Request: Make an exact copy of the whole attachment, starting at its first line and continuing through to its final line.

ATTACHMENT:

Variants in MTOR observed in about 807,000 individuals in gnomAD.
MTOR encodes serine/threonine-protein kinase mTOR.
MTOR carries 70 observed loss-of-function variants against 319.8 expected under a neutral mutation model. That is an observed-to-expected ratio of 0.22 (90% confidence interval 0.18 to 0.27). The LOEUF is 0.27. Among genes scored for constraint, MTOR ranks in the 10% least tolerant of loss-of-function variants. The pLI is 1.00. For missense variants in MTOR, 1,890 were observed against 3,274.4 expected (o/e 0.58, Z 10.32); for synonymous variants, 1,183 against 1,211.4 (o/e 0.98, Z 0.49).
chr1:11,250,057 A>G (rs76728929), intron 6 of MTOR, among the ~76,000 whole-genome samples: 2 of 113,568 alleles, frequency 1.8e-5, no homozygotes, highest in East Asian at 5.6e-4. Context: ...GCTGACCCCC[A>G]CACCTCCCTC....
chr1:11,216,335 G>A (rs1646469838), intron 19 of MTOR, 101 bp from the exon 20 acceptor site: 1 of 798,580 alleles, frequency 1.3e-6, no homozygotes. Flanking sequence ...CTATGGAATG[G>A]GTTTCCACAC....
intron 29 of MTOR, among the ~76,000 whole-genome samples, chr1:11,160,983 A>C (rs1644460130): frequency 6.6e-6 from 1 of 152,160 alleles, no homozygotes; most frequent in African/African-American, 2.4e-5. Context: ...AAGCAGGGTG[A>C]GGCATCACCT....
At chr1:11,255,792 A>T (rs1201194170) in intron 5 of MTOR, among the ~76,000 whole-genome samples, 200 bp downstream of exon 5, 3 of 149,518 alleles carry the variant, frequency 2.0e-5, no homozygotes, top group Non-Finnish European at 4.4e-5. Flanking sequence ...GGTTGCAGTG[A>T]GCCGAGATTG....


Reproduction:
Variants in MTOR observed in about 807,000 individuals in gnomAD.
MTOR encodes serine/threonine-protein kinase mTOR.
MTOR carries 70 observed loss-of-function variants against 319.8 expected under a neutral mutation model. That is an observed-to-expected ratio of 0.22 (90% confidence interval 0.18 to 0.27). The LOEUF is 0.27. Among genes scored for constraint, MTOR ranks in the 10% least tolerant of loss-of-function variants. The pLI is 1.00. For missense variants in MTOR, 1,890 were observed against 3,274.4 expected (o/e 0.58, Z 10.32); for synonymous variants, 1,183 against 1,211.4 (o/e 0.98, Z 0.49).
chr1:11,250,057 A>G (rs76728929), intron 6 of MTOR, among the ~76,000 whole-genome samples: 2 of 113,568 alleles, frequency 1.8e-5, no homozygotes, highest in East Asian at 5.6e-4. Context: ...GCTGACCCCC[A>G]CACCTCCCTC....
chr1:11,216,335 G>A (rs1646469838), intron 19 of MTOR, 101 bp from the exon 20 acceptor site: 1 of 798,580 alleles, frequency 1.3e-6, no homozygotes. Flanking sequence ...CTATGGAATG[G>A]GTTTCCACAC....
intron 29 of MTOR, among the ~76,000 whole-genome samples, chr1:11,160,983 A>C (rs1644460130): frequency 6.6e-6 from 1 of 152,160 alleles, no homozygotes; most frequent in African/African-American, 2.4e-5. Context: ...AAGCAGGGTG[A>C]GGCATCACCT....
At chr1:11,255,792 A>T (rs1201194170) in intron 5 of MTOR, among the ~76,000 whole-genome samples, 200 bp downstream of exon 5, 3 of 149,518 alleles carry the variant, frequency 2.0e-5, no homozygotes, top group Non-Finnish European at 4.4e-5. Flanking sequence ...GGTTGCAGTG[A>T]GCCGAGATTG....